Johnson, Bruce and Clark, Michael
Extracting the value of experiential knowledge in environmenal decision making.
In: Royal Geographical Society Annual International Conference 2012, 3-5 July, 2012, Edinburgh.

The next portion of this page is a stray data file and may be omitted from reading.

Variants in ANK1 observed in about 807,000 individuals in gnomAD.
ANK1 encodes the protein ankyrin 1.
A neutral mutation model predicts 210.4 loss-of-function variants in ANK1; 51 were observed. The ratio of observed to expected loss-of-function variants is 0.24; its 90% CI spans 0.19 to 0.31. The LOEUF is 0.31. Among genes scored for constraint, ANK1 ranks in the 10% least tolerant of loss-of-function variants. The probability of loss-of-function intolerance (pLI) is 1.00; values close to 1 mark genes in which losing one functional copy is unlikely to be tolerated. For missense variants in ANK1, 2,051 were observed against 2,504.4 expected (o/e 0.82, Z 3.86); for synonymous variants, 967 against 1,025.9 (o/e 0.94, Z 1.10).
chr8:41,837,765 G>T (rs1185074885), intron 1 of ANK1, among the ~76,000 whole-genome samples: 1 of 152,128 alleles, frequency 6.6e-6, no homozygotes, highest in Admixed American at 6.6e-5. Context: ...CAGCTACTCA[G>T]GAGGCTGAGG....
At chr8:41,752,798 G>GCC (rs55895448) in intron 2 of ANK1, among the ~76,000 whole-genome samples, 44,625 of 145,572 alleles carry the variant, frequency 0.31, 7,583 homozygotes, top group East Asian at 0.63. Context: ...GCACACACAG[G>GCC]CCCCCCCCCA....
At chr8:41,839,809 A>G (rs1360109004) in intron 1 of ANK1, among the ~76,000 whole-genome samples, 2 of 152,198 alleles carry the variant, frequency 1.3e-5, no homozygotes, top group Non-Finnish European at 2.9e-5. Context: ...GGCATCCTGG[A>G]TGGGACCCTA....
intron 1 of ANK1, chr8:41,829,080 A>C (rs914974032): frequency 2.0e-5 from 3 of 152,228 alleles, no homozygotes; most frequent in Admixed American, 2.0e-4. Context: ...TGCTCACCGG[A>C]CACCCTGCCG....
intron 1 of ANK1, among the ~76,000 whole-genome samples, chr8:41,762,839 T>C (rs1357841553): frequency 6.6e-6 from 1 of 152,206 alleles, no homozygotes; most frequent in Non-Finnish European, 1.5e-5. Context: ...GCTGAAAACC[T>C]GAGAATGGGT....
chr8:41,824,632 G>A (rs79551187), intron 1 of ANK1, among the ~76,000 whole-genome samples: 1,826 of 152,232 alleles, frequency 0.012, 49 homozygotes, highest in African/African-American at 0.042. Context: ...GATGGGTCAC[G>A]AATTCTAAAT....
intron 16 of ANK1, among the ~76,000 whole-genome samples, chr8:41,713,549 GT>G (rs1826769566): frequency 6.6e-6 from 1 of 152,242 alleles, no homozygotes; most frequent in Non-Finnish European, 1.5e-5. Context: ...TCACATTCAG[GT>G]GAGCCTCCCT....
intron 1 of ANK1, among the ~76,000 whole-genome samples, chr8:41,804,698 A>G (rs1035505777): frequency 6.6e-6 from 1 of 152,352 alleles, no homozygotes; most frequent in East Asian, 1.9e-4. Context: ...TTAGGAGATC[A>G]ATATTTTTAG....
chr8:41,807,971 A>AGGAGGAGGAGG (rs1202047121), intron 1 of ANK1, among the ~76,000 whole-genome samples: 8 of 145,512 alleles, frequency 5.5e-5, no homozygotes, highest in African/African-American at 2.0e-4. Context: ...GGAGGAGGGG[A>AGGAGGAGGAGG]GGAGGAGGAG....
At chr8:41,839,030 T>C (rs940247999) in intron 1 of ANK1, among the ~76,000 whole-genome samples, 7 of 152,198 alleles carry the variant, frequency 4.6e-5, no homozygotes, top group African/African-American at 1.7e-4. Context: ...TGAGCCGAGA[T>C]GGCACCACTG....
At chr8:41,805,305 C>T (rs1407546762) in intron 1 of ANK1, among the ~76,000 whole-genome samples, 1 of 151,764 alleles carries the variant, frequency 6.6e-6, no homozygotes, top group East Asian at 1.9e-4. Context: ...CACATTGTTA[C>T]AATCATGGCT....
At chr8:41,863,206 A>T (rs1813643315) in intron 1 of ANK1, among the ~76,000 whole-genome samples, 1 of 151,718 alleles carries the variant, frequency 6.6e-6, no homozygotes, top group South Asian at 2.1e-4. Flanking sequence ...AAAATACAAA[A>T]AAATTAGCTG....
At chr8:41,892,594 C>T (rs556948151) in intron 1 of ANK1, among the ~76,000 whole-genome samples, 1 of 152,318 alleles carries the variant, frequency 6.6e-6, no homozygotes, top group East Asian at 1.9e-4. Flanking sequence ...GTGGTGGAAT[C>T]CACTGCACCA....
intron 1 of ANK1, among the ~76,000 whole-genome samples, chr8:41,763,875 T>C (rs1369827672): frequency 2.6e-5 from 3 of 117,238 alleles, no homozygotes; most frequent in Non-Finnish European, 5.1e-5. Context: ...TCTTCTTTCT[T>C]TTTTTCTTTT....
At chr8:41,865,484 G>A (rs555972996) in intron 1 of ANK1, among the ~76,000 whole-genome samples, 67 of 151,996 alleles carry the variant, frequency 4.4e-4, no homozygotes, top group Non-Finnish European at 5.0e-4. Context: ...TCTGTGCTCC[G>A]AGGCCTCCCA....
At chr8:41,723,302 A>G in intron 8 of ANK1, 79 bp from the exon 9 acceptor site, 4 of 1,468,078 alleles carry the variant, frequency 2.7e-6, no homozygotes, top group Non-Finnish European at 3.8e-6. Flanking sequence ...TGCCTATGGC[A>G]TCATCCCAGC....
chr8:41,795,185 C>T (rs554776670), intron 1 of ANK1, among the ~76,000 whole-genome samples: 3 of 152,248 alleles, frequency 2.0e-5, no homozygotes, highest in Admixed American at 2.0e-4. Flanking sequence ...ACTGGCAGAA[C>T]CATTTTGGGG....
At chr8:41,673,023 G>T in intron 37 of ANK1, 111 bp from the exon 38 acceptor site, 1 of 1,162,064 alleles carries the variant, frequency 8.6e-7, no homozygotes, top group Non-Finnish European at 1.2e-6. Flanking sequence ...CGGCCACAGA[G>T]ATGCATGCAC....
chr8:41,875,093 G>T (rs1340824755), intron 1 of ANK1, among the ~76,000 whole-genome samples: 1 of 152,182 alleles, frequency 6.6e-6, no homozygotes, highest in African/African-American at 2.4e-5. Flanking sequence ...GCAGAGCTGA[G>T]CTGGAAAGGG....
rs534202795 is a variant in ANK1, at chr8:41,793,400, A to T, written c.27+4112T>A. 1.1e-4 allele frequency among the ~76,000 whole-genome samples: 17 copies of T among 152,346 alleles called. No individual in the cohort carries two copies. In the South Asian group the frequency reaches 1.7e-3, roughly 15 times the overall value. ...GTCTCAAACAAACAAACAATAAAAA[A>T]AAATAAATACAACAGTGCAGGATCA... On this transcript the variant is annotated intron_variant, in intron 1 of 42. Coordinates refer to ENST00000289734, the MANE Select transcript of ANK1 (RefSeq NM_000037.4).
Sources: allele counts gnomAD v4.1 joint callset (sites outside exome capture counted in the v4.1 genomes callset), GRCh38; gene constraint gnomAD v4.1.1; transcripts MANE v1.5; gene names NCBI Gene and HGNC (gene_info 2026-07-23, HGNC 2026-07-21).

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Although the dynamics of good engagement and the acquisition of experiential knowledge are complex and often viewed by academia as poor science and by one research participant as ‘corporate rape’, research findings are gaining credence through the use of Action Research methodologies. Increasingly Climate change, adaptation policy, the Localism Bill and other regulatory instruments require greater synthesis of academic and experiential knowledge to assist in building resilience, community development and policy coherence. In 2008 the European Union ratified the Marine Strategy Framework Directive with the aims of achieving good environmental status in Europe’s seas by 2020. In 2009 the UK began working towards policy compliance and is developing some of the first Marine Conservation Zone’s in the world. Stakeholder Engagement and Public Participation were used as part of the process to identify and define the MCZ areas and this consultation demonstrates many examples of the ‘harvesting’ of experiential knowledge which could be used to assist in the decision making process by the oversight stakeholder group. This paper studies the techniques used in the gathering and collation of this experiential/anecdotal information to develop stakeholder dialogue in the Irish Sea Conservation Zone process. To undertake this research work a participatory approach methodology was used to gain insight into the complex interactions within the process.